GEOG 49073|59073|79073: Environmental Data Analysis in R
The aim of the course is to teach students basic concepts, skills, and tools for working with data in R. R is an open source (free!) programming language for statistical computing and graphics that is widely used by statisticians, scientists, data miners, and geographers. This is a hands-on course designed for students with no programming experience. However, this course does not teach statistics: understanding of basic statistics and common statistical tests is assumed and prior coursework in statistics is encouraged. With the knowledge gained in this course, students will be ready to undertake their own data analysis in R and increase their efficiency through reproducible workflows. This course covers the following sections: Basic Building Blocks, Exploring and Visualizing Data, Statistical Analysis of Data, Working with Spatial Data, and Programming in R. Recent syllabus available here.
Format: Lecture and Lab, offered in Fall
GEOG 49230|59230|79230: Remote Sensing
Remote sensing is the retrieval of information about an object without being in contact with that object. This course is designed to provide students with a working knowledge of the principles and applications of remote sensing. It provides a survey of the concepts and techniques of remote sensing and image analysis for mapping and monitoring a variety of the planet’s spheres. Lab assignments are conducted using Google Earth, Idrisi TerrSet, ESRI ArcGIS and QGIS and cover analysis related to water, rock, vegetation, anthropogenic surfaces, snow and ice. Note: cross listed with GEOL 42030|52030|72030. Recent syllabus available here.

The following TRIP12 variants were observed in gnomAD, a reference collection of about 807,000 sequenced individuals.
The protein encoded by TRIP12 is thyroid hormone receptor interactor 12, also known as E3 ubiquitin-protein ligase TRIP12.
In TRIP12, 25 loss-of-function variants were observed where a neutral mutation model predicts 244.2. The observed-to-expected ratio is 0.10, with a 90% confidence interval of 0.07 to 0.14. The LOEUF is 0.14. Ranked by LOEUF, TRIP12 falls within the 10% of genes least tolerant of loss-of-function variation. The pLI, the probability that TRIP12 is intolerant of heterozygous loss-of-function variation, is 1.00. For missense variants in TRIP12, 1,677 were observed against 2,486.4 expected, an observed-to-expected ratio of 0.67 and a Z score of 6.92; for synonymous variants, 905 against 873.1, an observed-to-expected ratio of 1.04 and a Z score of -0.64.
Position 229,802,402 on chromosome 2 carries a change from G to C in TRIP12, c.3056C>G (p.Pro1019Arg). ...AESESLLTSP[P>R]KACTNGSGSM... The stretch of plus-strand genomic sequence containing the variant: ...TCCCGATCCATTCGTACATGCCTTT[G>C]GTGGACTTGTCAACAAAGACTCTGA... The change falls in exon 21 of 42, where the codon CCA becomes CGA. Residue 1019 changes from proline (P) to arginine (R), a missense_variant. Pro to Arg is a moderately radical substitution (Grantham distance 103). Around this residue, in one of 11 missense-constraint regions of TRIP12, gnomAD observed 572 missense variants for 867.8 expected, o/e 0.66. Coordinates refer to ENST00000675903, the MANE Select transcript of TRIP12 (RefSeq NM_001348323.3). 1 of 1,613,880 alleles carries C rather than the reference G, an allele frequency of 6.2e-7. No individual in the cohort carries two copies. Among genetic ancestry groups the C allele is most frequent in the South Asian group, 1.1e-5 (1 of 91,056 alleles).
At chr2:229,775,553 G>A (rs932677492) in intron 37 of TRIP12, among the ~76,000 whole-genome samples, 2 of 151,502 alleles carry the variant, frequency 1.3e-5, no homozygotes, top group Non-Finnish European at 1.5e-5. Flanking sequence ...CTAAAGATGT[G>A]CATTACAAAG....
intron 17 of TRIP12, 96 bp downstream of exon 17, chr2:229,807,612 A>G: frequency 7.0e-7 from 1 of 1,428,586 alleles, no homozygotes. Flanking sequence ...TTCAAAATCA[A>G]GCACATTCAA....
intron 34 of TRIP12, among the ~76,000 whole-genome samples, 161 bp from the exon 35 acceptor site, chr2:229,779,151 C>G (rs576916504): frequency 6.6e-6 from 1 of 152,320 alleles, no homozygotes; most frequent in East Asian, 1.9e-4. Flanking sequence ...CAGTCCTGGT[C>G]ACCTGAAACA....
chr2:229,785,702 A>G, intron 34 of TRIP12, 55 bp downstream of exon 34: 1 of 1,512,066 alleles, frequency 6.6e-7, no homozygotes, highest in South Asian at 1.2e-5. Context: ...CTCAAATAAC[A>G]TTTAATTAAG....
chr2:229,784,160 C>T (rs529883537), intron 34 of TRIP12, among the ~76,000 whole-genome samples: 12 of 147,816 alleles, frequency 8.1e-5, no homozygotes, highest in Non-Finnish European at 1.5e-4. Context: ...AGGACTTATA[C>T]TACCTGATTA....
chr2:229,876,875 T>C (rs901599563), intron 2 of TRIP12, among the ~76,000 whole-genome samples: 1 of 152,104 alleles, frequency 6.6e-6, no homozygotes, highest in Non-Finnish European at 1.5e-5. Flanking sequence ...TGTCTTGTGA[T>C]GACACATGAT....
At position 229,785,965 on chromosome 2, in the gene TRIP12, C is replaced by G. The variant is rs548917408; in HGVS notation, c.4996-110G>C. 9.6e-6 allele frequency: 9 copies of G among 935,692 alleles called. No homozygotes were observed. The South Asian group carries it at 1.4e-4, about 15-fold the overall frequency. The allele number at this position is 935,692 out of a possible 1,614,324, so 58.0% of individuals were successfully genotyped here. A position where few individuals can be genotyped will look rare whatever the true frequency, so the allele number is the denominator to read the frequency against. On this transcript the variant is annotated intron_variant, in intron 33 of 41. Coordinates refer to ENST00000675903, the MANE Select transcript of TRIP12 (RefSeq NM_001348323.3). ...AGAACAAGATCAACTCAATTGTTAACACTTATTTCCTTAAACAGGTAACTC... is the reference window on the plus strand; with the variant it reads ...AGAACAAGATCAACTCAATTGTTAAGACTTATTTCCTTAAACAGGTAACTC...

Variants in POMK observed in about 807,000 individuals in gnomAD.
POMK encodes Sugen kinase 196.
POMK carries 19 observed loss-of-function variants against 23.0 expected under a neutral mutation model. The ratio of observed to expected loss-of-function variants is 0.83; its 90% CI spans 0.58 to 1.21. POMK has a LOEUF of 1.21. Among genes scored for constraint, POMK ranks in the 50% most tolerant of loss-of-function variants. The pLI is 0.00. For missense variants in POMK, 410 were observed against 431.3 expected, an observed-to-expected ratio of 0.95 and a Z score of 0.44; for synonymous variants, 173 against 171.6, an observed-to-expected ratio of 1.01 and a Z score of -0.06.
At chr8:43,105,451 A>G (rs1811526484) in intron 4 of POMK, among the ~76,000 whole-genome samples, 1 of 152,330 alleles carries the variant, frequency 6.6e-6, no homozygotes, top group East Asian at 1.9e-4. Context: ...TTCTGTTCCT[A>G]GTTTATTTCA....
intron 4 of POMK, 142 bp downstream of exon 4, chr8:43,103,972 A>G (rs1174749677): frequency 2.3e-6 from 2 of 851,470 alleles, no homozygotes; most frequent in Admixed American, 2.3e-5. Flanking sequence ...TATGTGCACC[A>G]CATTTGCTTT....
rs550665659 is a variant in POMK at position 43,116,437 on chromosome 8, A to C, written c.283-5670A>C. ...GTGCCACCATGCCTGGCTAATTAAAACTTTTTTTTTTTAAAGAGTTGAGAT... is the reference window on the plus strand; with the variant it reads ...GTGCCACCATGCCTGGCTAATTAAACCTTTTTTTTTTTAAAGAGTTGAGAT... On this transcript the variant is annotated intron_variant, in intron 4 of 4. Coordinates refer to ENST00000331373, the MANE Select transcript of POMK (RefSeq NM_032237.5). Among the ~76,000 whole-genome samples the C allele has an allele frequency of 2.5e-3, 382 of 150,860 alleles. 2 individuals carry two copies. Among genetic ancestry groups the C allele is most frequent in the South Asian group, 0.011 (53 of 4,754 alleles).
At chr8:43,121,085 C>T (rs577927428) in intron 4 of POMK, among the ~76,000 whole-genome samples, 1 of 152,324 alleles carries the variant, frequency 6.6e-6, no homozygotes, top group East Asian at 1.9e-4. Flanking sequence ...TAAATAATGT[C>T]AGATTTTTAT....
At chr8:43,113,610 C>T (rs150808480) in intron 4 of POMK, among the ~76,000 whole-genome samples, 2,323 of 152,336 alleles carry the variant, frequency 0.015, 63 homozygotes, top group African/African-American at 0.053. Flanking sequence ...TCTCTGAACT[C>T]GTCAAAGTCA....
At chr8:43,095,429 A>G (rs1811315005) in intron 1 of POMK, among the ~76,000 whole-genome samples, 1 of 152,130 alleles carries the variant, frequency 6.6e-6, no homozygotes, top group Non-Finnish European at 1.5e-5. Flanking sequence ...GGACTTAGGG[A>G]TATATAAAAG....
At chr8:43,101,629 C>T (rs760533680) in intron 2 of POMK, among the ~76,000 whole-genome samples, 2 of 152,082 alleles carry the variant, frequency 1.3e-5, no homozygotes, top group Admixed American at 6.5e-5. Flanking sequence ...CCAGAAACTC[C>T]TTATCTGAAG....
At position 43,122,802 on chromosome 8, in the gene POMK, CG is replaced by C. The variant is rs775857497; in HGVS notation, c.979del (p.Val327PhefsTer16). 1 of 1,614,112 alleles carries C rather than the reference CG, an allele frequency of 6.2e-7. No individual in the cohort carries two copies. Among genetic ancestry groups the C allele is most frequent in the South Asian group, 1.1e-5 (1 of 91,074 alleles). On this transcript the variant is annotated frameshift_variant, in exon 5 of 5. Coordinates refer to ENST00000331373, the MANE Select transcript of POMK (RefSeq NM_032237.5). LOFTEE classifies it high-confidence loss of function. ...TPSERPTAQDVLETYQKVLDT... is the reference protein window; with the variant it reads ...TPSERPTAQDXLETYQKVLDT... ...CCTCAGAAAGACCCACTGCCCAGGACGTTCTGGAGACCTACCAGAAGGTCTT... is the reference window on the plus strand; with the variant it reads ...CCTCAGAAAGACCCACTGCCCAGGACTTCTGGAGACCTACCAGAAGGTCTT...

Format: Lecture and Lab, offered in Spring
GEOG 41051|5051|71051: Natural Disasters and Society
This course is a study of natural disasters, the physical processes responsible for hazards, and their effects on the physical and social environment. This course will focus on the science of natural hazards and how we can use our knowledge of these natural events and processes to reduce the occurrence or mitigate the effects of natural disasters. Natural disasters include earthquakes, volcanoes, tsunamis, landslides, thunderstorms and tornadoes, heatwaves and droughts, floods, coastal hazards, and wildfires. This course is taught through lecture and analysis of numerous case studies of global natural disasters. Recent syllabus available here.
Format: Lecture and Discussion, offered in Fall
GEOG 41195|51195|71195: Landscape Ecology
Landscape ecology is the study of the interaction between spatial pattern and ecological processes. The emphasis on spatial patterning – its development and importance for ecological processes – often focuses on broad spatial and temporal scales. This course aims to provide a comprehensive introduction to the field by coupling theoretical concepts (lecture, readings, discussion) with applications through modeling projects (exercises in quantitative approaches) to provide hands-on practical experience with landscape analysis tools and ideas. This field of study combines the spatial approach of the geographer with the functional approach of the ecologist. The course should be useful to students in geography and ecology as well as those with interests in natural resource, landscape architecture, land use planning, etc. Recent syllabus available here.
Format: Lecture, Lab, Discussion; offered in Spring 2022